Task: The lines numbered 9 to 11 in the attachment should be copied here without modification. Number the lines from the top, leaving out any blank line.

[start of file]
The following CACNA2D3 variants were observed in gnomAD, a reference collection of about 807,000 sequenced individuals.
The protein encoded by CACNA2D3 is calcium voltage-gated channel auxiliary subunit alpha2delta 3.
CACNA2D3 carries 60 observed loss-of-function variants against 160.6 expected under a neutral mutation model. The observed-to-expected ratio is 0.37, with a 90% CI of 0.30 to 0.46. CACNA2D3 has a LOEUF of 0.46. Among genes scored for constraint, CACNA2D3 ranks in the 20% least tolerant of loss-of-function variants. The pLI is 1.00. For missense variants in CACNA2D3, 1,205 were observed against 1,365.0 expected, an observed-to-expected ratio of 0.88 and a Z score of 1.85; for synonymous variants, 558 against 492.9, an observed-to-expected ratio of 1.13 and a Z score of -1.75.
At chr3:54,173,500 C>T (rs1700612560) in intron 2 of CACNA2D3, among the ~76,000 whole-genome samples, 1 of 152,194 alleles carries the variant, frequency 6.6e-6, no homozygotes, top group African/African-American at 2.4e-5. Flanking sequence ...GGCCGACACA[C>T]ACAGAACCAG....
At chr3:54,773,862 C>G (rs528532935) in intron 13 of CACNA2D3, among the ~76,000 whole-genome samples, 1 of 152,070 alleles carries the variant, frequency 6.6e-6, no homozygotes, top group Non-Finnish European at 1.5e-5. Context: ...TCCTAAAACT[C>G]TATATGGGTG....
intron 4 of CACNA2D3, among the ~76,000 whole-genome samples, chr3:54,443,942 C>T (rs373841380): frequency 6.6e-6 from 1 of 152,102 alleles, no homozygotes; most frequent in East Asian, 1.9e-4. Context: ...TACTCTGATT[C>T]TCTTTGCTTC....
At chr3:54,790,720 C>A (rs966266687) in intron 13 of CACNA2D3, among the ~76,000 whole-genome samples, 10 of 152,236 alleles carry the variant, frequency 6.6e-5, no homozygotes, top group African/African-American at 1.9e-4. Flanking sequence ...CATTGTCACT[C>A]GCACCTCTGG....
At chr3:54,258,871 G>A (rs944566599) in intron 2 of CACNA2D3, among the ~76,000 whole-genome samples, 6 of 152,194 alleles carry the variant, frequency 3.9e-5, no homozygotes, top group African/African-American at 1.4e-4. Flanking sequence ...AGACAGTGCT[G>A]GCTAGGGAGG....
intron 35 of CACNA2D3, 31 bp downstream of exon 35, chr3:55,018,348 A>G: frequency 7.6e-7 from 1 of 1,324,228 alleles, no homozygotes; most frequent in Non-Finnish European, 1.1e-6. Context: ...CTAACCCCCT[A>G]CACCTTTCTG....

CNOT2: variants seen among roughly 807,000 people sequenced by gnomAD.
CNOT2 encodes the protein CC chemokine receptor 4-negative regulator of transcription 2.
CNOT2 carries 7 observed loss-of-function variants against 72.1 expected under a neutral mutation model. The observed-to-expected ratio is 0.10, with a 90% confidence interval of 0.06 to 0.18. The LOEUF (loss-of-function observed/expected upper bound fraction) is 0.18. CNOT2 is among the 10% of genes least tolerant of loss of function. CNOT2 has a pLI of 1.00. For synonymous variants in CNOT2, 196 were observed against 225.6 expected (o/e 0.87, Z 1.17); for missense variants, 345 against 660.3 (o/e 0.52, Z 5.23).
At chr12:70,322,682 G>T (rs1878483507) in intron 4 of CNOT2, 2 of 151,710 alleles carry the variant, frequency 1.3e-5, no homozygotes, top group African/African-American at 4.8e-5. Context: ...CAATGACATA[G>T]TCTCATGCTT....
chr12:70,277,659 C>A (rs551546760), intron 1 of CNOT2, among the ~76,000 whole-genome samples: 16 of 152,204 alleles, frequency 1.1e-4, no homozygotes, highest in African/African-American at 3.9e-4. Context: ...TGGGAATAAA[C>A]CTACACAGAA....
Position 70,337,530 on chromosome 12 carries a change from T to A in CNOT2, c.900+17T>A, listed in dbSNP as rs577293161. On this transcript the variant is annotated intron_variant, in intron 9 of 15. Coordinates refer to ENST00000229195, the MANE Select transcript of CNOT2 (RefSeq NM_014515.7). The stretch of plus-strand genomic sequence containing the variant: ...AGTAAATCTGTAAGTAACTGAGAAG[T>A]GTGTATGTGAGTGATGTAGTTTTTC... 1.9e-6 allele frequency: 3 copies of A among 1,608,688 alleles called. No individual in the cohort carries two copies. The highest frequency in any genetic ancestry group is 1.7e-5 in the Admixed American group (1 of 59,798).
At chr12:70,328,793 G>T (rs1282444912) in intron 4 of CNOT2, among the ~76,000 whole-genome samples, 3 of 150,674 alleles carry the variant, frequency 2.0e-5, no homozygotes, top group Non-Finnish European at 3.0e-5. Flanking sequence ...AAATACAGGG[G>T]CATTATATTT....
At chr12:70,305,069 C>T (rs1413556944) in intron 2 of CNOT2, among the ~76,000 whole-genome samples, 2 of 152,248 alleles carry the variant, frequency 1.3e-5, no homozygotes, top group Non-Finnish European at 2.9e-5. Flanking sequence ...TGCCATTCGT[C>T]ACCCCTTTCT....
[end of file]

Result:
intron 35 of CACNA2D3, 31 bp downstream of exon 35, chr3:55,018,348 A>G: frequency 7.6e-7 from 1 of 1,324,228 alleles, no homozygotes; most frequent in Non-Finnish European, 1.1e-6. Context: ...CTAACCCCCT[A>G]CACCTTTCTG....

CNOT2: variants seen among roughly 807,000 people sequenced by gnomAD.
CNOT2 encodes the protein CC chemokine receptor 4-negative regulator of transcription 2.